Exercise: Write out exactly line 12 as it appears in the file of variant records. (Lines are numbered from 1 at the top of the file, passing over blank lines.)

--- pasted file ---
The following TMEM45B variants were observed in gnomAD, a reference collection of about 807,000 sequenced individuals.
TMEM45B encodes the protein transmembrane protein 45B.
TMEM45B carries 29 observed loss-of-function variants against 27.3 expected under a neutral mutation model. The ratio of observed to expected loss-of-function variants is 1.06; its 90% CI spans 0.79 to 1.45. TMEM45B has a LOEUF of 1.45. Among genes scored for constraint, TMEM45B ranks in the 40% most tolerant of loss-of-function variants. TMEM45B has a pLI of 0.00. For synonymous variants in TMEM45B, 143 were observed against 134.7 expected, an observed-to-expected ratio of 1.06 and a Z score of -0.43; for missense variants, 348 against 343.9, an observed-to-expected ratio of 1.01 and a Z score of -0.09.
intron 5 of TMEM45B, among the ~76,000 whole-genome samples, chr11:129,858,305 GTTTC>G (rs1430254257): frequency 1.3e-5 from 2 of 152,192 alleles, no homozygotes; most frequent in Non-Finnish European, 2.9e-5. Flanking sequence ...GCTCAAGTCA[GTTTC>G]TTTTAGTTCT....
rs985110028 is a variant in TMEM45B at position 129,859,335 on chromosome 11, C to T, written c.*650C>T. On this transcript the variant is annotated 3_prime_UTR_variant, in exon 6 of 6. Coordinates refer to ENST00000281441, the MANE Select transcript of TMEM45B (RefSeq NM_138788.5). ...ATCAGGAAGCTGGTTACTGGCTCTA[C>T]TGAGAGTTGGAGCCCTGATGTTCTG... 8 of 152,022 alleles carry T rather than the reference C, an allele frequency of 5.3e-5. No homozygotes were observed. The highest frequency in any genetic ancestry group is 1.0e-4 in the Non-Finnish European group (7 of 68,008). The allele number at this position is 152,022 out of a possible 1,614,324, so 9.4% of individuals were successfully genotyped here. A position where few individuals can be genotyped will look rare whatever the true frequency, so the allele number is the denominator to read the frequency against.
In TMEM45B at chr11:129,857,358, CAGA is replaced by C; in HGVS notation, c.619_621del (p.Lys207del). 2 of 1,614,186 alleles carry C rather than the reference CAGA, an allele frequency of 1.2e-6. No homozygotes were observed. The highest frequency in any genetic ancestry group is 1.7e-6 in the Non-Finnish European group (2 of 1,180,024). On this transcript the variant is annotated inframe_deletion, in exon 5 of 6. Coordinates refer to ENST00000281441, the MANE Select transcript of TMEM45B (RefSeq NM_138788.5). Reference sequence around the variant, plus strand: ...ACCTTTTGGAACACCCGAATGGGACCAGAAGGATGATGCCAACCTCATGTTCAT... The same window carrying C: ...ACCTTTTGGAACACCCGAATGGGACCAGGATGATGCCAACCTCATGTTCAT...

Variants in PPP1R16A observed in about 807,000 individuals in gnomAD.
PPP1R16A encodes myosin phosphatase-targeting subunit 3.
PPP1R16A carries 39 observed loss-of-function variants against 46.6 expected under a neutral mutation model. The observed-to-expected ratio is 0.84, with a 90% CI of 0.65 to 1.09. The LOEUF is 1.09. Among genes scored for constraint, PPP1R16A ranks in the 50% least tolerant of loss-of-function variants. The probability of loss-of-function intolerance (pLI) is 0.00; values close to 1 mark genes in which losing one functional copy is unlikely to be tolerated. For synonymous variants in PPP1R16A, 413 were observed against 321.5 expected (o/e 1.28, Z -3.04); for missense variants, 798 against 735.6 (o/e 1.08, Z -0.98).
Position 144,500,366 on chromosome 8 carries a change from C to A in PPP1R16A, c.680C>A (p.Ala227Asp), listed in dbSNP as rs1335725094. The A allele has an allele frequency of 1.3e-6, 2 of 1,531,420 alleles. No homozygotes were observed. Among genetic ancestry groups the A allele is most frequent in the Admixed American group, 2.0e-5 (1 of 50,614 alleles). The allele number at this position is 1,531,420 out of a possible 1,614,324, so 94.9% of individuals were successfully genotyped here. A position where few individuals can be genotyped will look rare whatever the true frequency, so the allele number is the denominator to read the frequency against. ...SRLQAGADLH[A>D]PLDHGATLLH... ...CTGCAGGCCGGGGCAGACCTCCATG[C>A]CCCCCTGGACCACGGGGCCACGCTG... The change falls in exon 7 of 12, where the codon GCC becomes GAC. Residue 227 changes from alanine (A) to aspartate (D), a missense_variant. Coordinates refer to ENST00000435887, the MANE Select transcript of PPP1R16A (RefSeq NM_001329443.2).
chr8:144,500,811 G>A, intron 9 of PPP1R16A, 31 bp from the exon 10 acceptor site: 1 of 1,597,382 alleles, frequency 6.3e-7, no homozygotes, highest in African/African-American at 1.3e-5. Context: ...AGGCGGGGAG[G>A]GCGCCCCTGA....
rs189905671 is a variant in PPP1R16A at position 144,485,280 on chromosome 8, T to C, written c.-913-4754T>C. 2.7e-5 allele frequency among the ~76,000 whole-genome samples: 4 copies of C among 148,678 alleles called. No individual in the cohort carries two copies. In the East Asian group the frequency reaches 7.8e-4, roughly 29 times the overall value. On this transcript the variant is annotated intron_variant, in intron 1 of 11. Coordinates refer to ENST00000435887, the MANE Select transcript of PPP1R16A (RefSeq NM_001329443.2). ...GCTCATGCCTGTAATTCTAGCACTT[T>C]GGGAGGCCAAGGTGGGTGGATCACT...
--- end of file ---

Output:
rs189905671 is a variant in PPP1R16A at position 144,485,280 on chromosome 8, T to C, written c.-913-4754T>C. 2.7e-5 allele frequency among the ~76,000 whole-genome samples: 4 copies of C among 148,678 alleles called. No individual in the cohort carries two copies. In the East Asian group the frequency reaches 7.8e-4, roughly 29 times the overall value. On this transcript the variant is annotated intron_variant, in intron 1 of 11. Coordinates refer to ENST00000435887, the MANE Select transcript of PPP1R16A (RefSeq NM_001329443.2). ...GCTCATGCCTGTAATTCTAGCACTT[T>C]GGGAGGCCAAGGTGGGTGGATCACT...